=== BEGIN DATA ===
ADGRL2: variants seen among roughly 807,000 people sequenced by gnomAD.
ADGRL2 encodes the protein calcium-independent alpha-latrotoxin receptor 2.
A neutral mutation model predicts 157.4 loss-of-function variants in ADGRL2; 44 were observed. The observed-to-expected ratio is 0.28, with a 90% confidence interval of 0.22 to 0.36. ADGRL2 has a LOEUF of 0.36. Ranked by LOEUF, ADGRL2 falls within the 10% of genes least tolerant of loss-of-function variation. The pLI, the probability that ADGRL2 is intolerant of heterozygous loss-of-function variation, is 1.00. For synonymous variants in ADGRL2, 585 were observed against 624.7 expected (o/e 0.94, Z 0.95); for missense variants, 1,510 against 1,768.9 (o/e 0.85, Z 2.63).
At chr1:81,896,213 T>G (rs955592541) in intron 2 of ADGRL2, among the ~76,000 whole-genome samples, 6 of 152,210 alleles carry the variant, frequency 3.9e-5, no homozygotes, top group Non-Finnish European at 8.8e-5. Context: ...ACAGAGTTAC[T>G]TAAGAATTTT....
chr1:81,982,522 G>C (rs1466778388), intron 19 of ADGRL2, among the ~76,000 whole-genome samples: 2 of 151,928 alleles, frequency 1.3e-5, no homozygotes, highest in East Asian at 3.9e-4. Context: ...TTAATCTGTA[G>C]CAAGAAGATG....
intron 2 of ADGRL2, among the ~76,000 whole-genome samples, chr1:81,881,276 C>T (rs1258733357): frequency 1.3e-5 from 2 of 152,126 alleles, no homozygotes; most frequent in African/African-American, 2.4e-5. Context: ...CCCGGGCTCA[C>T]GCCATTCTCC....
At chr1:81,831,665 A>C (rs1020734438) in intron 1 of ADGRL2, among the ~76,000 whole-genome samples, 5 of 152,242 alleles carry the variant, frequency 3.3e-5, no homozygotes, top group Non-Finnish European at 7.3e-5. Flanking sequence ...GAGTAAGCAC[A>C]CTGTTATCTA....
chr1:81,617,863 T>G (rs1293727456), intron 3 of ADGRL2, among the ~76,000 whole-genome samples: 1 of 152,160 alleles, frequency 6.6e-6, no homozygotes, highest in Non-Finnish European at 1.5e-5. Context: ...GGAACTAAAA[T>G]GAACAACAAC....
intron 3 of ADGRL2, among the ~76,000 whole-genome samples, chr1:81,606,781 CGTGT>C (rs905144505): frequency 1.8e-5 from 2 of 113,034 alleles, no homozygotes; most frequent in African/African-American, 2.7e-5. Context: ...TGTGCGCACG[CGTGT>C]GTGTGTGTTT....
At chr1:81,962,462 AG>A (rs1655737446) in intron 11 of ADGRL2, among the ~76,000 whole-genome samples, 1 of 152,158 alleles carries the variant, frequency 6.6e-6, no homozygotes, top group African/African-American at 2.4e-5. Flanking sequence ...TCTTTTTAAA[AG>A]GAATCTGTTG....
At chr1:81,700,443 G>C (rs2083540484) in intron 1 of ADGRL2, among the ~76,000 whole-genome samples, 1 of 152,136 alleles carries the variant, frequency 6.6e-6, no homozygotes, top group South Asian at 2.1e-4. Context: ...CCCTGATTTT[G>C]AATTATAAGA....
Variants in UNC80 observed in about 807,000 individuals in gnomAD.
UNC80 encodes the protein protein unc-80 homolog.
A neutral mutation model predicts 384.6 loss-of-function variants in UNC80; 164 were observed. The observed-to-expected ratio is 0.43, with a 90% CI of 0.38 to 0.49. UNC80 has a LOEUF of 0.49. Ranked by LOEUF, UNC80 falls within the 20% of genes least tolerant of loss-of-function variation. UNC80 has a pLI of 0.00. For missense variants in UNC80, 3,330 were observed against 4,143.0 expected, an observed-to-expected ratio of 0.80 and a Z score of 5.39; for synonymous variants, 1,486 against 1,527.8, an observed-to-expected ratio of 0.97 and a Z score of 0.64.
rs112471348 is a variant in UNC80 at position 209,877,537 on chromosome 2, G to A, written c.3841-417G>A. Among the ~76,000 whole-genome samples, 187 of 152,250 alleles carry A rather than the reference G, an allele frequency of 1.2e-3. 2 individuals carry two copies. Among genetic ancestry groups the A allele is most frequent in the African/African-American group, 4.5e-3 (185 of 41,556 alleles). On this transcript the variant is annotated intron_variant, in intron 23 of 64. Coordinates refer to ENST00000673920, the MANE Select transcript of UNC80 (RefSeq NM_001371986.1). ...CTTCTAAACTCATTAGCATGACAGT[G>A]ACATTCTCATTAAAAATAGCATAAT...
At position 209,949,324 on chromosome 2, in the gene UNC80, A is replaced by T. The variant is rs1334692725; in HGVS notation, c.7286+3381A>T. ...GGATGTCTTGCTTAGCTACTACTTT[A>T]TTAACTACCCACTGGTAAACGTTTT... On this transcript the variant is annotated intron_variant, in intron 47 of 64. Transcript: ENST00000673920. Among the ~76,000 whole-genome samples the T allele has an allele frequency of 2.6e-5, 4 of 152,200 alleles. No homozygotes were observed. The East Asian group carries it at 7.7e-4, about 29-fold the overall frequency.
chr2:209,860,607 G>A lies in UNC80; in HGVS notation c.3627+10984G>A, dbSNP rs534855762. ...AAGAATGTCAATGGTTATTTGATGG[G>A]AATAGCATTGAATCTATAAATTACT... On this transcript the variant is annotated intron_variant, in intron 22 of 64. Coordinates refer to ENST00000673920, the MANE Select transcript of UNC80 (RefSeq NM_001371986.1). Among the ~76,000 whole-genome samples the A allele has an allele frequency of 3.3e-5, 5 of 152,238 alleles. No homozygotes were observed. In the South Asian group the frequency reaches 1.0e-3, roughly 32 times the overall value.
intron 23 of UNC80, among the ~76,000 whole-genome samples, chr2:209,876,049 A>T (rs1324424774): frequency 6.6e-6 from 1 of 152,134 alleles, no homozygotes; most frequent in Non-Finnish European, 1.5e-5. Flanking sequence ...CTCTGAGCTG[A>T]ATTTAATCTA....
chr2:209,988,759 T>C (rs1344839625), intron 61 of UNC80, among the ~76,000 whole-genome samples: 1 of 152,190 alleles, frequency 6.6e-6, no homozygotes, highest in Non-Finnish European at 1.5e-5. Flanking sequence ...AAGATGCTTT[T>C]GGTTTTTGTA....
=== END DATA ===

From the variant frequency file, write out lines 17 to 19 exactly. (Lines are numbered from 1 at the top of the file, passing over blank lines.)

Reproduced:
chr2:209,860,607 G>A lies in UNC80; in HGVS notation c.3627+10984G>A, dbSNP rs534855762. ...AAGAATGTCAATGGTTATTTGATGG[G>A]AATAGCATTGAATCTATAAATTACT... On this transcript the variant is annotated intron_variant, in intron 22 of 64. Coordinates refer to ENST00000673920, the MANE Select transcript of UNC80 (RefSeq NM_001371986.1). Among the ~76,000 whole-genome samples the A allele has an allele frequency of 3.3e-5, 5 of 152,238 alleles. No homozygotes were observed. In the South Asian group the frequency reaches 1.0e-3, roughly 32 times the overall value.
intron 23 of UNC80, among the ~76,000 whole-genome samples, chr2:209,876,049 A>T (rs1324424774): frequency 6.6e-6 from 1 of 152,134 alleles, no homozygotes; most frequent in Non-Finnish European, 1.5e-5. Flanking sequence ...CTCTGAGCTG[A>T]ATTTAATCTA....
chr2:209,988,759 T>C (rs1344839625), intron 61 of UNC80, among the ~76,000 whole-genome samples: 1 of 152,190 alleles, frequency 6.6e-6, no homozygotes, highest in Non-Finnish European at 1.5e-5. Flanking sequence ...AAGATGCTTT[T>C]GGTTTTTGTA....